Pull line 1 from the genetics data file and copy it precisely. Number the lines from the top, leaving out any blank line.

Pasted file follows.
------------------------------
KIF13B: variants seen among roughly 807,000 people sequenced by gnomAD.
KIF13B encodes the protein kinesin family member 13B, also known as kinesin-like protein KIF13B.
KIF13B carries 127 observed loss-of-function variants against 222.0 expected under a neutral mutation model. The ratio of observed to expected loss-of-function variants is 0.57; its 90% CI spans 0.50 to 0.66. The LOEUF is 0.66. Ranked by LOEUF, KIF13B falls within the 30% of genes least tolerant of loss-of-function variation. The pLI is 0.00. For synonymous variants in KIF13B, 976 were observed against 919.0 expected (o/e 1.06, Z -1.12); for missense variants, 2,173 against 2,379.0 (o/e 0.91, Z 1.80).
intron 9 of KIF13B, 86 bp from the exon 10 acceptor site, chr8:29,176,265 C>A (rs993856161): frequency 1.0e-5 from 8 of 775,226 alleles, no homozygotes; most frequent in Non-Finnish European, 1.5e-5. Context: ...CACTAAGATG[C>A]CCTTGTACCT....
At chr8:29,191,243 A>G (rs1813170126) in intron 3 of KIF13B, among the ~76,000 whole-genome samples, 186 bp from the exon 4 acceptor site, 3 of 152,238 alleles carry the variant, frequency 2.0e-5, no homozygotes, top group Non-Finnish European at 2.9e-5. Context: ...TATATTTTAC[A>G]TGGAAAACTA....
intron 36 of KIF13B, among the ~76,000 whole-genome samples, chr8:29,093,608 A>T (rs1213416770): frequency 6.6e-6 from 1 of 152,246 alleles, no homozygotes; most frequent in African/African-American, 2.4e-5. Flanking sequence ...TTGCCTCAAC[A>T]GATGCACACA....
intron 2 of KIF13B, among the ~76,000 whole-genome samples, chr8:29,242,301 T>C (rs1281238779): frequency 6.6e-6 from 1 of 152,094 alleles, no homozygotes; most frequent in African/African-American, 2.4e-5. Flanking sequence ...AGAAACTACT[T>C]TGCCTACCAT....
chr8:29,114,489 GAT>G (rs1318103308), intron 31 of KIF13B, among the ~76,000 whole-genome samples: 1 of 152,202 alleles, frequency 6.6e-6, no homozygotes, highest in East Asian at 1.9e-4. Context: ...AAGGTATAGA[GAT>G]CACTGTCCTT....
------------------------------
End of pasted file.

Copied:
KIF13B: variants seen among roughly 807,000 people sequenced by gnomAD.